In Australia, a contract can be oral, written or a combination of both. An oral agreement is respected in Australia. However, there are certain dealings where contracts must be written, these include contracts to buy and sell land; to buy a car and in door-to-door sales contracts.

An oral contract normally is just as enforceable as a written contract, however it can be difficult to properly determine the terms of the contract due to its very nature. Oral contract disagreements tend to become a case of one persons word against that of another.

Warranties and Conditions in a Contract

Warranties are terms which are of minor importance. A breach of a warranty cannot become grounds to terminate or repudiate the contract. However, it gives the innocent party the right to recover damages. Whether a term is considered a condition or warranty is dependent on how essential it is the the essence of the contract.

On the other hand, conditions consist of the major or fundamental terms in the contract which compelled one or both parties to enter into a contract. The test of essentiality was discussed in the case of Tramways Advertising Pty Ltd v Luna Park (N.S.W) Ltd where the court held:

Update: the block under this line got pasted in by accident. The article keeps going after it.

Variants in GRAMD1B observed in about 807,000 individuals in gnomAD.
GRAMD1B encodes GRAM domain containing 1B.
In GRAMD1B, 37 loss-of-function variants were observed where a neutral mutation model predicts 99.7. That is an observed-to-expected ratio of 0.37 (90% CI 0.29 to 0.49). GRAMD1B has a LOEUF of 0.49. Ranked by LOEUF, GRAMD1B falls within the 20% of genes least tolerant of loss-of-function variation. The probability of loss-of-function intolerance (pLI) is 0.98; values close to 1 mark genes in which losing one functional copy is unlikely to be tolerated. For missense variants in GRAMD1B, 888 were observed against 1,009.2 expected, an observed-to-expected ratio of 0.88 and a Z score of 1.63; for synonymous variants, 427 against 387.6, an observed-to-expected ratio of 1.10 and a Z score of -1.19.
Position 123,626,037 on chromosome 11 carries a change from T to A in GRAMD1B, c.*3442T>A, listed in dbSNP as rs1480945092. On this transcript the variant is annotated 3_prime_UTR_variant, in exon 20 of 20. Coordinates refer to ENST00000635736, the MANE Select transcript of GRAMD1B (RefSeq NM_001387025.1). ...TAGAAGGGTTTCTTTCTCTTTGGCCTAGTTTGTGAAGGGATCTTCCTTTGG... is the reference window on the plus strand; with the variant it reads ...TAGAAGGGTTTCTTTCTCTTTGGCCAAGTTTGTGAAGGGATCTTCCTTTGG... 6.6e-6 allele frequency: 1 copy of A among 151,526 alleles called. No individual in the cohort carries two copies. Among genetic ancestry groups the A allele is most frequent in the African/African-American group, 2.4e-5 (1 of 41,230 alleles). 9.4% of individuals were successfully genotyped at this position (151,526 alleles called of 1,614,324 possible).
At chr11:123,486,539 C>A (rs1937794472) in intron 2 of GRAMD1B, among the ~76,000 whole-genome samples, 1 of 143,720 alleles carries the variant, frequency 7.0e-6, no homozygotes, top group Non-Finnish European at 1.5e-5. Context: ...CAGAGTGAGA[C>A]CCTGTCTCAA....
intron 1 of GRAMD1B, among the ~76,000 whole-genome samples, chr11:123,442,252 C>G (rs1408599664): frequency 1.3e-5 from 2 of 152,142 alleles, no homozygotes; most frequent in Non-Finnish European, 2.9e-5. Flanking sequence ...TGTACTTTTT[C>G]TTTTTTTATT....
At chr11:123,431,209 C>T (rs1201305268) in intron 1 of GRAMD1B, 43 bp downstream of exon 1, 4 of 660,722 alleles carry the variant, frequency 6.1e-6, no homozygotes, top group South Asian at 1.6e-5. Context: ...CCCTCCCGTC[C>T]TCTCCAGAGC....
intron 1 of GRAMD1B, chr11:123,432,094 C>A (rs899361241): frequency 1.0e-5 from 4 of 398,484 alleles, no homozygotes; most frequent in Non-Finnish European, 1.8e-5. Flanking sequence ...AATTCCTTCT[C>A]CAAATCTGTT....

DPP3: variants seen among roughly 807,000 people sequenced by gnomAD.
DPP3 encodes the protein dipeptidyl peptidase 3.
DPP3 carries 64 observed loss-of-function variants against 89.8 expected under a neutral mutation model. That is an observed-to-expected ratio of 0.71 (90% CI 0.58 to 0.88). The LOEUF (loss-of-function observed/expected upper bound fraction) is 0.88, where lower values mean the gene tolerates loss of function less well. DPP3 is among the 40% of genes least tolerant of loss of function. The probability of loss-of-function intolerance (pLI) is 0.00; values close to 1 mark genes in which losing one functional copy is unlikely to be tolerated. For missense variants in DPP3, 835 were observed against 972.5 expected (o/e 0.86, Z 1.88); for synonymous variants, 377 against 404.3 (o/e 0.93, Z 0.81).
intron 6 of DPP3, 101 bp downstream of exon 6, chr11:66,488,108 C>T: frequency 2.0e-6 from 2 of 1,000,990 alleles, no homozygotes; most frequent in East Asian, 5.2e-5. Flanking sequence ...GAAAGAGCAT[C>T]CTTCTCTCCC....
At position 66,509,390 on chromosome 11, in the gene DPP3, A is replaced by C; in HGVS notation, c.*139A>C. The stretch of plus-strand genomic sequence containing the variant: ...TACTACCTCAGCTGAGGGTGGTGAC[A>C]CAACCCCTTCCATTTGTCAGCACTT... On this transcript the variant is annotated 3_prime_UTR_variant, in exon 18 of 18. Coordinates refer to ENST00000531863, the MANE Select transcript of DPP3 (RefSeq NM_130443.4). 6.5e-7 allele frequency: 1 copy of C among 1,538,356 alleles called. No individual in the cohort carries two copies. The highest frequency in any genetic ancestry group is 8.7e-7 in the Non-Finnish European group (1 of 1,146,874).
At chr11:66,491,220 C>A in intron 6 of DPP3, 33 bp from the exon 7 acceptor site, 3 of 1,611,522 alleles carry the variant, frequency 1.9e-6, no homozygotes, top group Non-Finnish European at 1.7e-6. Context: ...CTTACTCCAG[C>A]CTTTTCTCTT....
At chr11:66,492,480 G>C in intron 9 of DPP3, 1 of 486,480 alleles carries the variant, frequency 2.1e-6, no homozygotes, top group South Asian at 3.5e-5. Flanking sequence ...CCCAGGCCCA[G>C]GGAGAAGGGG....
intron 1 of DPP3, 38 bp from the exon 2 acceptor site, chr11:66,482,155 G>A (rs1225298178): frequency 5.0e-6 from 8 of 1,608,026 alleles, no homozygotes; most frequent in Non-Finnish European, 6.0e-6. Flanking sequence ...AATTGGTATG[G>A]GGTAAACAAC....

“the test of essentiality is whether it appears from the general nature of the contract considered as a whole, or from some particular term or terms, that the promise is of such importance to the promisee that he would not have entered into the contract unless he had been assured of a strict or substantial performance of the promise, as the case may be, and this ought to have been apparent to the promisor.”

Remedies for Breach of Contract

The law provides for remedies in case of a breach of a contract. The innocent party can be entitled to the following actions against the breaching party:

  • Damages. A common law remedy, for breach of contract which is viewed as a ‘substitute’ for performance. Sometimes, damages are available for mental distress and anguish suffered under certain circumstances.
  • Liquidated claims. Another common law remedy that can be found in the contract itself. It is provided when a clause in the contract where parties agree that a particular sum of money will be payable upon commission of a breach.
  • Specific performance. This is an order directing the breaching party to perform the contract in the way specified by the court. It will only be ordered if damages will not provide adequate compensation. Also, this cannot be awarded in relation to contracts that require personal service.